Chattanooga:Arjun Atwal will return to the PGA Tour next season after regaining his card with a sudden death play-off win at the Nationwide Tour's Chattanooga Classic, his maiden title triumph in the United States.
The Orlando-based golfer, who earned a whopping $90,000 cheque for his triumph, rose to 15th from 34th in the Nationwide Money List with total earnings of $2,48,000.
The top 25 in the money list make the cut for PGA Tour at the end of the season. With this, the Indian now has cards on four Tours -- Asian, European, PGA and Nationwide.
And with just two tournaments to go in the Nationwide Tour, the 34-year-old, who lost his PGA Card after a disastrous 2007 season, is unlikely to drop out of the top-25 after yesterday's massive win.
"I've been working for this all my career. Trying to win in America, sand it feels really good. And also the fact that I'm getting my card back on the PGA TOUR will be it will be a sweet bonus, I'm looking forward to that," an elated and relieved Atwal said after the thrilling win
Atwal (72) and overnight second and local favourite Webb Simpson (69) finished regulation play at Black Creek at 24-under 264, two strokes shy of the tournament record.
After a front-nine that was studded with a birdie and an eagle against a lone bogey, Atwal had a two-shot lead on the 16th tee but drove into a fairway bunker and had to chip out.
The Indian hit a poor third shot into a greenside bunker resulting in a double-bogey. Simpson made par on that hole leaving the duo tied.
"I told myself I was still in it, I hadn't lost the lead. I was still in control of my game. I can't control what he does," Atwal said reflecting on his round.
Both players then two-putted the par-five 18th for birdies before heading back to the tee for the playoff.
While Atwal kept his cool, nerves got the better of the 23-year-old Simpson, whose second shot found the greenside bunker after both had driven in to the fairway.
Atwal hit a hybrid club to 25 feet before comfortably two-putting for a birdie.
"Either one of us could have won in that playoff, and it just happened so that he missed that putt. But he's a great player, he's going to win a lot of tournaments, and it was for me as far as I'm concerned, it was a big grind today.
"You know, just not with my golf swing as much as with my emotions and my mind to try to keep it in check. And, you know, somehow I got it done, which is good," said Atwal, the 2003 Asian Tour number one.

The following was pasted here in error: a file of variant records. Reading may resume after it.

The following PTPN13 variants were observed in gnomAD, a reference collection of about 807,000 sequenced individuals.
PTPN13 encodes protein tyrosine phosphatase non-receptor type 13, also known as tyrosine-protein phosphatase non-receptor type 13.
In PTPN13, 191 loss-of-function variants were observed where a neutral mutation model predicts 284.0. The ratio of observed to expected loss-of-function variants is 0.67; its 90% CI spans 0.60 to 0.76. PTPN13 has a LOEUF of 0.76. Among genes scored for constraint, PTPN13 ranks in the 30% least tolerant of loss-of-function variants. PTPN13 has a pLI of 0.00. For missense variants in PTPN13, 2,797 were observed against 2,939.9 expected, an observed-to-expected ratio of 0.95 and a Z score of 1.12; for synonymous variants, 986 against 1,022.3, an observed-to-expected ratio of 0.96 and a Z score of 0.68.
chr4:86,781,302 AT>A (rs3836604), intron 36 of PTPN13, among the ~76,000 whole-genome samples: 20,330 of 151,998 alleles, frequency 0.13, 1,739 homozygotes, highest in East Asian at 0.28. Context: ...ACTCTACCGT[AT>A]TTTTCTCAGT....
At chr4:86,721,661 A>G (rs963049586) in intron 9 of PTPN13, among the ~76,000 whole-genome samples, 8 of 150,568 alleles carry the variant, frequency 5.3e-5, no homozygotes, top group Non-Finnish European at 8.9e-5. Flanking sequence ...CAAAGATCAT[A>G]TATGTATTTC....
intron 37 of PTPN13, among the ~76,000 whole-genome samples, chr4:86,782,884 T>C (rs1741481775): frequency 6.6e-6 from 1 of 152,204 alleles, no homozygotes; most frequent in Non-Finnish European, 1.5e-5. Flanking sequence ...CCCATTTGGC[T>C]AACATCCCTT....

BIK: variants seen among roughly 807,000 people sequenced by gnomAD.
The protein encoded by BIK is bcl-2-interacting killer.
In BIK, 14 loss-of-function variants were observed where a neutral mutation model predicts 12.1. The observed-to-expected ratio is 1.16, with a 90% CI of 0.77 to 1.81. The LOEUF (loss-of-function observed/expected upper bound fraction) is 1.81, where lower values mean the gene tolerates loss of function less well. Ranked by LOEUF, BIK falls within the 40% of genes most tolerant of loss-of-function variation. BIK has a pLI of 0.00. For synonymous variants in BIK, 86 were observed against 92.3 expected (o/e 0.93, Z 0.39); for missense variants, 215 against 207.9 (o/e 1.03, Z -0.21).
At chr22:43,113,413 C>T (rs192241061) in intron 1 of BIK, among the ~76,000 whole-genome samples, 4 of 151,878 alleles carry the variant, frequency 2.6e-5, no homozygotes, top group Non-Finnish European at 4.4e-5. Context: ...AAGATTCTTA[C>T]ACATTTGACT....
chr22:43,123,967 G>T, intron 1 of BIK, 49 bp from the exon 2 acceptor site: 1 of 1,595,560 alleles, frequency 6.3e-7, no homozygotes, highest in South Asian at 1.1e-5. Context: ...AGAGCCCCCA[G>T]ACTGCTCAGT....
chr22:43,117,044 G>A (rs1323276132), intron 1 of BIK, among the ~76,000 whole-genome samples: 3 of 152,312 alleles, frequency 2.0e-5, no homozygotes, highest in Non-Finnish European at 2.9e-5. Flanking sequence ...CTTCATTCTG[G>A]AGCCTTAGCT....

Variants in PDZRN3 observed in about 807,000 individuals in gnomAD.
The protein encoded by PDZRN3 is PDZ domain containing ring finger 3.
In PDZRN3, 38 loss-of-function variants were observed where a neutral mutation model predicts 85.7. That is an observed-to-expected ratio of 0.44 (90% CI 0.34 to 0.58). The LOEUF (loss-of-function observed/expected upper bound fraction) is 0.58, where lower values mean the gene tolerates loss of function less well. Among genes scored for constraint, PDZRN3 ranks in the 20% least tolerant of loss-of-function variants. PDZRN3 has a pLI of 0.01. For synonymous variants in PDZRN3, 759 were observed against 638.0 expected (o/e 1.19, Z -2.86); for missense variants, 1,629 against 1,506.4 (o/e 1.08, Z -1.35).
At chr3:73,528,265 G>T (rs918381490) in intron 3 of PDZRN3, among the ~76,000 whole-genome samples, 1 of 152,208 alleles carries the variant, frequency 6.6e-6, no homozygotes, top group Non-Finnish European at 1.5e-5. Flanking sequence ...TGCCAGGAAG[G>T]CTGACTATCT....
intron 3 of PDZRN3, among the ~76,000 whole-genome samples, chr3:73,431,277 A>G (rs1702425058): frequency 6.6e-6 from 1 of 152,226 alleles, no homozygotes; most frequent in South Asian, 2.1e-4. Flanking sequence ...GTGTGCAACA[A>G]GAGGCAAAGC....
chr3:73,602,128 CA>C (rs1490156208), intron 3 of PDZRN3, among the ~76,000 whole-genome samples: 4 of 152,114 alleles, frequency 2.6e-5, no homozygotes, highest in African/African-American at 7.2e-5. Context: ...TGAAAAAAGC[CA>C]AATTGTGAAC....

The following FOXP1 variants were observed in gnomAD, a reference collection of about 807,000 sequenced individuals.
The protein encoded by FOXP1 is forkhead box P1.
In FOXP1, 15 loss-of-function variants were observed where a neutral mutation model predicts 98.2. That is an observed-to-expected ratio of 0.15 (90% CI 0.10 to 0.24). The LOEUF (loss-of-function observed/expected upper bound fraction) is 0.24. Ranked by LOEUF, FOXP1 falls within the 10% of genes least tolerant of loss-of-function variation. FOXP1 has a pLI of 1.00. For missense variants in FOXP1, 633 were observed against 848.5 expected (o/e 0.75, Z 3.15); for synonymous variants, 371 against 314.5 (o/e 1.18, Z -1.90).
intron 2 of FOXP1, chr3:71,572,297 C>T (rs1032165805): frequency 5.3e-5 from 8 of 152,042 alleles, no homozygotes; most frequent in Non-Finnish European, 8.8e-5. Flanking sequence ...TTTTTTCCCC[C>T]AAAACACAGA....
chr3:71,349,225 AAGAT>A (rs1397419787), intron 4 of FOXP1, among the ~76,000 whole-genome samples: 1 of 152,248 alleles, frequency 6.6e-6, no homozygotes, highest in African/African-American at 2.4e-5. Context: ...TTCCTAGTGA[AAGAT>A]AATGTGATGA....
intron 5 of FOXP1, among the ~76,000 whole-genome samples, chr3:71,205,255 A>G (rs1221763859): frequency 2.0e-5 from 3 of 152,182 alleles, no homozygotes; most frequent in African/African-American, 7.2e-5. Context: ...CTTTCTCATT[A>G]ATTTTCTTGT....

Atwal said he was looking forward to returning to the PGA Tour after the year-long toil that has seen his form between oscillate good, bad and worse.
"It's a great feeling. You know. I wanted that. I've got like you said, all those other cards and all those other tours, and we've moved to Orlando in the last -- we've been there five years.
"And I just played on the PGA TOUR four years, and I want to get back there and see if I can do a slightly better job of playing there," he said.
Atwal will next be seen in action at the Miccosukee Classic next week in Miami before he makes a choice between playing the Tour Championship or tournaments in China or Europe a week later.
"I know I'm playing Miami (Miccosukee) next week. I will play Miami next week. But it depends on the Tour Championship. I might go play.
"There is a tournament in China for the champions of the European Tour and the Asian Tour, and I'm in it. And it's USD 5 million, so I might go. I am going to Singapore anyway to play the USD 5 million event there and the Hong Kong Open. So I might make it three in a row over there," he said.
Had it not been for this win, the Kolkata-golfer might as well have been forced to continue playing on the Nationwide Tour for his PGA Card.
"Oh, there was no choice, I wasn't going to go. I was going to play it the rest of the year out here and then go to Singapore, and now I have a choice, I guess," he said.